History will not be kind to Donald Trump. I think we all know that. Not because it will be written by Never Trumpers, but because whenever we have departed from the values of our nation, we have come to regret it. And that regret is written all over the pages of our history.

If you find that the House has proved its case and still vote to acquit, your name will be tied to his with a cord of steel and for all of history. But if you find the courage to stand up to him, to speak the awful truth to his rank falsehood, your place will be among the Davids who took on Goliath. If only you will say, enough.

We revere the wisdom of our founders and the insights they had into self-governance. We scour their words for hidden meaning and try to place ourselves in their shoes. But we have one advantage that the founders did not. For all their genius, they could not see but opaquely into the future.

We, on the other hand, have the advantage of time, of seeing how their great experiment in self-governance has progressed. When we look at the sweep of history, there are times when our nation and the rest of the world have moved with a seemingly irresistible force in the direction of greater freedom.

[14:55:00]

More freedom to speak and to assemble, to practice our faith and tolerate the faith of others. To love whom we would and choose love over hate. More free societies, walls tumbling down, nations reborn. But then, like a pendulum approaching the end of its arc, the outward movement begins to arrest. The golden globe of freedom reaches its zenith and starts to retreat. The pendulum swings back past the center, and recedes into a dark unknown.

How much farther it will travel in its illiberal direction, how many more freedoms will be extinguished before it turns back? We cannot say. But what we do here, in this moment, will affects its course and its correction. Every single vote, even a single vote by a single member, can change the course of history.

It is said that a single man or woman of courage makes a majority. Is there one among you who will say, enough?

America believes in a thing called truth. She does not believe we are entitled to our own alternate facts. She recoils at those who spread pernicious falsehoods. To her, truth matters. There is nothing more corrosive to a democracy than the idea that there is no truth. America also believes there is a difference between right and wrong, and right matters here. But there is more. Truth matters, right matters, but so does decency. Decency matters.

When the president smears a patriotic public servant like Marie Yovanovitch in pursuit of a corrupt aim, we recoil. When the president mocks the disabled, a war hero who was a prisoner of war, or a Gold Star father, we are appalled. Because decency matters here.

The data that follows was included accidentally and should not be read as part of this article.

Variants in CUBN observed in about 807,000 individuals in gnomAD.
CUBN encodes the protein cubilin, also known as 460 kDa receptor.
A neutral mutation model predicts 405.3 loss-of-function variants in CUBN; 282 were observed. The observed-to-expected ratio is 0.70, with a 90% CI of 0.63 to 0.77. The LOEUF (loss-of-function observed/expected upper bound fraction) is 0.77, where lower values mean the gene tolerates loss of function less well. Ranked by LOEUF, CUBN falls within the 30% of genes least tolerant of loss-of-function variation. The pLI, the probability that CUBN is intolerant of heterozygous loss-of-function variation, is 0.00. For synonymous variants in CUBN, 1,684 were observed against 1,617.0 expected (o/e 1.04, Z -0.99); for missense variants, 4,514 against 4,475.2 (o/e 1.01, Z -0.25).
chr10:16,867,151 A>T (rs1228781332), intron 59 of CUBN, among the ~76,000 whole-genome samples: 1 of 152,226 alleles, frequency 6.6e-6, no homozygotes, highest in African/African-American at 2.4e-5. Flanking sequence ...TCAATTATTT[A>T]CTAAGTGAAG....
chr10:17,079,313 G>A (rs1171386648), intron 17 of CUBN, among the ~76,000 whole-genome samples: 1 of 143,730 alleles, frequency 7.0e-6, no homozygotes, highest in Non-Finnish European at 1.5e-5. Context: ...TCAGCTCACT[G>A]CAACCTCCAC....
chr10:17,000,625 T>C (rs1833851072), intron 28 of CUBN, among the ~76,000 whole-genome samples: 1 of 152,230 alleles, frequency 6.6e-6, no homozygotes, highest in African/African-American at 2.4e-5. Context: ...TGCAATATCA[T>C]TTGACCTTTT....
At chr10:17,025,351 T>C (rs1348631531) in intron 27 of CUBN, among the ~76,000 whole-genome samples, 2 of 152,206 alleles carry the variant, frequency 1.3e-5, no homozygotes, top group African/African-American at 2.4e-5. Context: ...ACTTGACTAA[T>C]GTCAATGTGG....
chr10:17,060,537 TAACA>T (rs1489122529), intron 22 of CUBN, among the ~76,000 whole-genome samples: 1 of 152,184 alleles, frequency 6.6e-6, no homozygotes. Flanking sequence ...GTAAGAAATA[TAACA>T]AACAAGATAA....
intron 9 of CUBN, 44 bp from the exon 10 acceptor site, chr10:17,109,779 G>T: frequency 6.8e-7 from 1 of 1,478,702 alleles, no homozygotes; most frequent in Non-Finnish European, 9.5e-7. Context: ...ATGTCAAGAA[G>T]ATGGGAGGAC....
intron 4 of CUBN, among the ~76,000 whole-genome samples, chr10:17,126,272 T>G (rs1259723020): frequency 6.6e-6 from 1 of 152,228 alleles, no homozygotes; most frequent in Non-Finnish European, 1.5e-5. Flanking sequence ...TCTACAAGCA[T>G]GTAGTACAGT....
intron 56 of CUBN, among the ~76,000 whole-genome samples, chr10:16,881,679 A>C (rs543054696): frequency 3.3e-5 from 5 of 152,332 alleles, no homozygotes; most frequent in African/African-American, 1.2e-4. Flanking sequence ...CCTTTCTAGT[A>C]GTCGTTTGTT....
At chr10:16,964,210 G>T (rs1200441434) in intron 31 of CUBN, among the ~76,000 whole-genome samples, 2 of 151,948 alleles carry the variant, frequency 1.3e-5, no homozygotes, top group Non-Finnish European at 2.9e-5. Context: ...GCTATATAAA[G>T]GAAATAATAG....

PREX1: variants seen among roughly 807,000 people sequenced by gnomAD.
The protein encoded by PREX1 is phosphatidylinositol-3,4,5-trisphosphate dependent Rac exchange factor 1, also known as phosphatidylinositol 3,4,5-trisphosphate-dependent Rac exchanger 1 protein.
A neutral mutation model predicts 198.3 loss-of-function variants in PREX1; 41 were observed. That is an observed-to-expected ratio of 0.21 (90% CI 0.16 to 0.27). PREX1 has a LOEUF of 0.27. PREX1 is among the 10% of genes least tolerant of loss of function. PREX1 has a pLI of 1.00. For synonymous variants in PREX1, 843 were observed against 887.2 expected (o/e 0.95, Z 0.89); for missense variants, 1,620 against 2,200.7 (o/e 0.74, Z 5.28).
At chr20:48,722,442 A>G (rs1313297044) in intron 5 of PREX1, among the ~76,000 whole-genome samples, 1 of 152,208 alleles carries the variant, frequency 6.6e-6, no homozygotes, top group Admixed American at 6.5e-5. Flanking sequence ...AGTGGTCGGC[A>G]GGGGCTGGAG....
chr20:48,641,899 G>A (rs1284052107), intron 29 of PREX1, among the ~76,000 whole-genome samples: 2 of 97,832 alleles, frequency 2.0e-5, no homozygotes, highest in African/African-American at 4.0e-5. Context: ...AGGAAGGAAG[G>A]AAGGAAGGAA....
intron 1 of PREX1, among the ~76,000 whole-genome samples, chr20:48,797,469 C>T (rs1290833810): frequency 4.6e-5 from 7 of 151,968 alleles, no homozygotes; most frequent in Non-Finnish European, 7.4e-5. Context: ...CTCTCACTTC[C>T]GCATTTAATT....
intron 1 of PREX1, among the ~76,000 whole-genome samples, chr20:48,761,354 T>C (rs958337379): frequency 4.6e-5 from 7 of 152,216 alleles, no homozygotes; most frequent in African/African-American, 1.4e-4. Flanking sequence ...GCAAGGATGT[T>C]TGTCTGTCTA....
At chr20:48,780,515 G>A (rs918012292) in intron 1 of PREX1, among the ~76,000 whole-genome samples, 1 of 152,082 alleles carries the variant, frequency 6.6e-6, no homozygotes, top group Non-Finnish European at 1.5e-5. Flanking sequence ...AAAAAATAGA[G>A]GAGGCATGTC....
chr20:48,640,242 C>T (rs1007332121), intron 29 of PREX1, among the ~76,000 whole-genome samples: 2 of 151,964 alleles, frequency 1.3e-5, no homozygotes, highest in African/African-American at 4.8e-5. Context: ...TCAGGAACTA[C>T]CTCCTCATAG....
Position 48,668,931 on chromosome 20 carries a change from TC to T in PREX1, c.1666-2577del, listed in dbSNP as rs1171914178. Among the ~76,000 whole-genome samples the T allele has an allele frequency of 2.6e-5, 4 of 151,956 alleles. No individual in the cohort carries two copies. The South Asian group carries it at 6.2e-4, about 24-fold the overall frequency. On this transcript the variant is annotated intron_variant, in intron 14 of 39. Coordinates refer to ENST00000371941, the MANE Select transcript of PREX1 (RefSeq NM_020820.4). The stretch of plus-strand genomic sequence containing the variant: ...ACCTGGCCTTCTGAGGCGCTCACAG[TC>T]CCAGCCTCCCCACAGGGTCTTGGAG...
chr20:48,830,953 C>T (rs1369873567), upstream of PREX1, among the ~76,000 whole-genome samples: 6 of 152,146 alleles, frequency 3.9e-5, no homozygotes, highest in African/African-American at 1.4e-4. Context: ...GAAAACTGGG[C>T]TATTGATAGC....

And when the president tries to coerce an ally to help him cheat in our elections and then covers it up, we must say, enough, enough. He has betrayed our national security and he will do so again. He has compromised our elections and he will do so again.

You will not change him, you cannot constrain him. He is who he is. Truth matters little to him. What's right matters even less, and decency matters not at all. I do not ask you to convict him because truth or right or decency matters nothing to him, but because we have proven our case and it matters to you. Truth matters to you. Right matters to you. You are decent. He is not who you are.

In Federalist 55, James Madison wrote that there were certain qualities in human nature, qualities I believe like honestly, right, and decency, which would justify our confidence in self-government. He believed that we possessed sufficient virtue that the chains of despotism were not necessary to restrain ourselves from destroying and devouring one another.

It may be midnight in Washington, but the sun will rise again. I put my faith in the optimism of the founders. You should, too. They gave us the tools to do the job, a remedy as powerful as the evil it was meant to constrain: impeachment. They meant it to be used rarely, but they put it in the Constitution for a reason.

For a man who would sell out his country for a political favor, for a man who would threaten the integrity of our elections, for a man who would invite foreign interference in our affairs, for a man who would undermine our national security and that of our allies. For a man like Donald J. Trump.

They gave you a remedy, and they meant for you to use it. They gave you an oath, and they meant for you to observe it. We have proven Donald Trump guilty, now do impartial justice and convict him.

I yield back.

J. ROBERTS: The majority leader is recognized.

MCCONNELL: Mr. Chief Justice, I ask unanimous consent, the Senate, sitting in (ph) as (ph) a court of impeachment, stand adjourned under the previous order.

J. ROBERTS: Without objection, so ordered.

MCCONNELL: I suggest the absence of a quorum.

ERIN BURNETT, CNN HOST: All right, you've been listening to -

[15:00:00]